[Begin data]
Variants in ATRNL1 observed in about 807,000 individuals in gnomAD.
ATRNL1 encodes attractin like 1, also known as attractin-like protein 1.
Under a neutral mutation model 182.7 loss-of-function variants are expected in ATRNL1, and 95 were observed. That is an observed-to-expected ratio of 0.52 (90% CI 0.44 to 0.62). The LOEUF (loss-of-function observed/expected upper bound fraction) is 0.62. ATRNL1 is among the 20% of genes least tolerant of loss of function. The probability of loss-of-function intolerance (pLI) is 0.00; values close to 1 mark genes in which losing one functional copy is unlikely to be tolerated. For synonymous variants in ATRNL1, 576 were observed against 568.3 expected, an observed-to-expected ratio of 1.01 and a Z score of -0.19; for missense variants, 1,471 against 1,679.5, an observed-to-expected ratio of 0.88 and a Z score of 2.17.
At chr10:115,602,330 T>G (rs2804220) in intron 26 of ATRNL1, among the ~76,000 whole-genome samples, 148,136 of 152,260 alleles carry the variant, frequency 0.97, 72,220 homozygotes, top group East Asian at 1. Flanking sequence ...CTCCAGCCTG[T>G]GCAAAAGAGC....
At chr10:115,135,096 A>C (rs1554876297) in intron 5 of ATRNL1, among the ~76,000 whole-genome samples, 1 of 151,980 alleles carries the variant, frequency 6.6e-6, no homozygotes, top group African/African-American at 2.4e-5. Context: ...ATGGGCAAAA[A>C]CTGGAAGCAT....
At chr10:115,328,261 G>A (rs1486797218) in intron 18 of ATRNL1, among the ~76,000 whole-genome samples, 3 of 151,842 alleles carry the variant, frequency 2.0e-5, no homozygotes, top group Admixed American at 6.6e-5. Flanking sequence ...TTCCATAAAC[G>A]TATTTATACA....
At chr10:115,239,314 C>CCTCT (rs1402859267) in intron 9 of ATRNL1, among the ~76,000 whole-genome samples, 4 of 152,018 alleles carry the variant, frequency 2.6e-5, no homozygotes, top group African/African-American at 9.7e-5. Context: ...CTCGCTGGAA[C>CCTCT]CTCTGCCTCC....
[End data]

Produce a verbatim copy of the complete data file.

Variants in ATRNL1 observed in about 807,000 individuals in gnomAD.
ATRNL1 encodes attractin like 1, also known as attractin-like protein 1.
Under a neutral mutation model 182.7 loss-of-function variants are expected in ATRNL1, and 95 were observed. That is an observed-to-expected ratio of 0.52 (90% CI 0.44 to 0.62). The LOEUF (loss-of-function observed/expected upper bound fraction) is 0.62. ATRNL1 is among the 20% of genes least tolerant of loss of function. The probability of loss-of-function intolerance (pLI) is 0.00; values close to 1 mark genes in which losing one functional copy is unlikely to be tolerated. For synonymous variants in ATRNL1, 576 were observed against 568.3 expected, an observed-to-expected ratio of 1.01 and a Z score of -0.19; for missense variants, 1,471 against 1,679.5, an observed-to-expected ratio of 0.88 and a Z score of 2.17.
At chr10:115,602,330 T>G (rs2804220) in intron 26 of ATRNL1, among the ~76,000 whole-genome samples, 148,136 of 152,260 alleles carry the variant, frequency 0.97, 72,220 homozygotes, top group East Asian at 1. Flanking sequence ...CTCCAGCCTG[T>G]GCAAAAGAGC....
At chr10:115,135,096 A>C (rs1554876297) in intron 5 of ATRNL1, among the ~76,000 whole-genome samples, 1 of 151,980 alleles carries the variant, frequency 6.6e-6, no homozygotes, top group African/African-American at 2.4e-5. Context: ...ATGGGCAAAA[A>C]CTGGAAGCAT....
At chr10:115,328,261 G>A (rs1486797218) in intron 18 of ATRNL1, among the ~76,000 whole-genome samples, 3 of 151,842 alleles carry the variant, frequency 2.0e-5, no homozygotes, top group Admixed American at 6.6e-5. Flanking sequence ...TTCCATAAAC[G>A]TATTTATACA....
At chr10:115,239,314 C>CCTCT (rs1402859267) in intron 9 of ATRNL1, among the ~76,000 whole-genome samples, 4 of 152,018 alleles carry the variant, frequency 2.6e-5, no homozygotes, top group African/African-American at 9.7e-5. Context: ...CTCGCTGGAA[C>CCTCT]CTCTGCCTCC....